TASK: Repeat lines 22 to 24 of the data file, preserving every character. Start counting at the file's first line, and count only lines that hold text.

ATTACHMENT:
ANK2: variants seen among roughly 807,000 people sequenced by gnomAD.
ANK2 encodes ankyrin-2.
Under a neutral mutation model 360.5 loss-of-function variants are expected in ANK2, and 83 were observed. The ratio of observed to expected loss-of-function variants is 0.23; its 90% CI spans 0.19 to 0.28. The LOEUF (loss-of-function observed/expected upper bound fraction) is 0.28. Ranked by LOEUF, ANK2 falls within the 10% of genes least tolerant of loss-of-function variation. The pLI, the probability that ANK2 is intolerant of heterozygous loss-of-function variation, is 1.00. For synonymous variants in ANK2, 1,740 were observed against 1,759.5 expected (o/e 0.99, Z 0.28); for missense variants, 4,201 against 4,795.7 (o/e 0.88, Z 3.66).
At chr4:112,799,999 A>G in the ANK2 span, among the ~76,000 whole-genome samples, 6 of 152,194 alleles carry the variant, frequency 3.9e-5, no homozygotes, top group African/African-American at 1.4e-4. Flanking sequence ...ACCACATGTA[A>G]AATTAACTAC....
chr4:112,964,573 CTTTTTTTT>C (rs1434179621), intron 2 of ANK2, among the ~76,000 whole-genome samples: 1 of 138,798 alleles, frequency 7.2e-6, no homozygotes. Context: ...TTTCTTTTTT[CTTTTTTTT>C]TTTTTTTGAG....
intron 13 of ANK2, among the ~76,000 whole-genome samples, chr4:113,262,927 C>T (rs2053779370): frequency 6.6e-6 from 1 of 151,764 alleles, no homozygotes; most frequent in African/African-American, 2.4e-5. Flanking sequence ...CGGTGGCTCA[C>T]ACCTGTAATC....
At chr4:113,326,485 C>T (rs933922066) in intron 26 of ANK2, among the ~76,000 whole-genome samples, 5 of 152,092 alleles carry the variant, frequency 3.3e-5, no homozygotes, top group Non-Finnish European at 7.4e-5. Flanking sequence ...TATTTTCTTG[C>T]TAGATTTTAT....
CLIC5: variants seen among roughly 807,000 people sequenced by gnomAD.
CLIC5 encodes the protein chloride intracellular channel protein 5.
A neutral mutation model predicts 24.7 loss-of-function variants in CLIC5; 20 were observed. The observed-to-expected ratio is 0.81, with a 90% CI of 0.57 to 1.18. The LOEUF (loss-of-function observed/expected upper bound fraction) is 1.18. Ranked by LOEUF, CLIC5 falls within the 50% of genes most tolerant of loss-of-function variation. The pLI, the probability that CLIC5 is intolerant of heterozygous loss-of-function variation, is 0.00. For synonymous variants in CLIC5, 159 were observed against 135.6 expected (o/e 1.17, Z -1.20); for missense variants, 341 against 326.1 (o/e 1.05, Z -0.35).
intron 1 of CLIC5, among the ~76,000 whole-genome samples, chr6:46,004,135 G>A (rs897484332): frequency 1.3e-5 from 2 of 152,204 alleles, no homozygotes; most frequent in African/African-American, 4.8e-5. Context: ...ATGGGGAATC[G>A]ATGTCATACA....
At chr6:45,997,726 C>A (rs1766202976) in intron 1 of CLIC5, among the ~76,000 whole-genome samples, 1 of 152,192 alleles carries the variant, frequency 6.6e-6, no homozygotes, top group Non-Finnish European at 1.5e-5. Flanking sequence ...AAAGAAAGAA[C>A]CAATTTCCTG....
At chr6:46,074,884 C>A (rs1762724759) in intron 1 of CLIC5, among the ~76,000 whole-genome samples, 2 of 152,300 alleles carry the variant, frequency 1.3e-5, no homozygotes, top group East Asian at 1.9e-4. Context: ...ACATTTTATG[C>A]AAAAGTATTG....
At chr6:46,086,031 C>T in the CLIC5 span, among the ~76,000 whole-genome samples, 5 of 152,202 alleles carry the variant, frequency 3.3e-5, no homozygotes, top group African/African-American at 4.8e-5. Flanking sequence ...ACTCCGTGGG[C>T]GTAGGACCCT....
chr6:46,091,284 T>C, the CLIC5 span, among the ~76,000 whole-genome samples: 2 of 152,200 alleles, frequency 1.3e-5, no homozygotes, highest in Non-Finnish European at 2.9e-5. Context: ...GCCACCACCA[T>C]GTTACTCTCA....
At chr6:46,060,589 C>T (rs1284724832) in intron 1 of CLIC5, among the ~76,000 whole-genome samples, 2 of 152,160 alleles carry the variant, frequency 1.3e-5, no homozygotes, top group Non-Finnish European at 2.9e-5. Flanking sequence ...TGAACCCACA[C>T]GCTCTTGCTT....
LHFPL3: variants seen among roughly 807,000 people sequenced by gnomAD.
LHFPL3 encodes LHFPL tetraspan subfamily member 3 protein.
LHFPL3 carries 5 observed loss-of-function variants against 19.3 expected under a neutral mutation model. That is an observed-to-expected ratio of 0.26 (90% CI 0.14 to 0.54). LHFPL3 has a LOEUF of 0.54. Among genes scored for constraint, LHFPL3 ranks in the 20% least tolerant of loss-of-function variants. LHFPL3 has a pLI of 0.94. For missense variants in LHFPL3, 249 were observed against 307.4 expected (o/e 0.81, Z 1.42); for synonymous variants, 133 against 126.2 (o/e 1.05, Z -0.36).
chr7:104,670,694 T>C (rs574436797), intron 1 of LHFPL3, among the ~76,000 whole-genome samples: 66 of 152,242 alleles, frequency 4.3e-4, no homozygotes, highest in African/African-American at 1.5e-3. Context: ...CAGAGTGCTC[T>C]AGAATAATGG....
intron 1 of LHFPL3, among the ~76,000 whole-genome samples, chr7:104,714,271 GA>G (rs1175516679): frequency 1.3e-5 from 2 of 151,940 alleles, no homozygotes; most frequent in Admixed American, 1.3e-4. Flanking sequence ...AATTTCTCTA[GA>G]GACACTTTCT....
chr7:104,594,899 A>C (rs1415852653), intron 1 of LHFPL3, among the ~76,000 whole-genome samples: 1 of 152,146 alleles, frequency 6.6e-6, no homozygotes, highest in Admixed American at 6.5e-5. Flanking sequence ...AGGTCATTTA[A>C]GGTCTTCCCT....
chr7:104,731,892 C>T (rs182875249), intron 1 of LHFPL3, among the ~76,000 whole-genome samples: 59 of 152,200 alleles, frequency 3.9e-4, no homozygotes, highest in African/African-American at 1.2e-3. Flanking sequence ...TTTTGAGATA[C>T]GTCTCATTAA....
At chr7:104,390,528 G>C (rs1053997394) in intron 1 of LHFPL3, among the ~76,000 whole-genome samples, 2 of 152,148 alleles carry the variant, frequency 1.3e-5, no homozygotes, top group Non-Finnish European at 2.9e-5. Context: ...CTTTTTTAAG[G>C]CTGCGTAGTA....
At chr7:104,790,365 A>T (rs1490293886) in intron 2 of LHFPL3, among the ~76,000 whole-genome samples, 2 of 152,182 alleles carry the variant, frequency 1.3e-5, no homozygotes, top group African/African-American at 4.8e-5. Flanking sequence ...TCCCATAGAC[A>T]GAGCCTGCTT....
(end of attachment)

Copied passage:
chr7:104,594,899 A>C (rs1415852653), intron 1 of LHFPL3, among the ~76,000 whole-genome samples: 1 of 152,146 alleles, frequency 6.6e-6, no homozygotes, highest in Admixed American at 6.5e-5. Flanking sequence ...AGGTCATTTA[A>C]GGTCTTCCCT....
chr7:104,731,892 C>T (rs182875249), intron 1 of LHFPL3, among the ~76,000 whole-genome samples: 59 of 152,200 alleles, frequency 3.9e-4, no homozygotes, highest in African/African-American at 1.2e-3. Flanking sequence ...TTTTGAGATA[C>T]GTCTCATTAA....
At chr7:104,390,528 G>C (rs1053997394) in intron 1 of LHFPL3, among the ~76,000 whole-genome samples, 2 of 152,148 alleles carry the variant, frequency 1.3e-5, no homozygotes, top group Non-Finnish European at 2.9e-5. Context: ...CTTTTTTAAG[G>C]CTGCGTAGTA....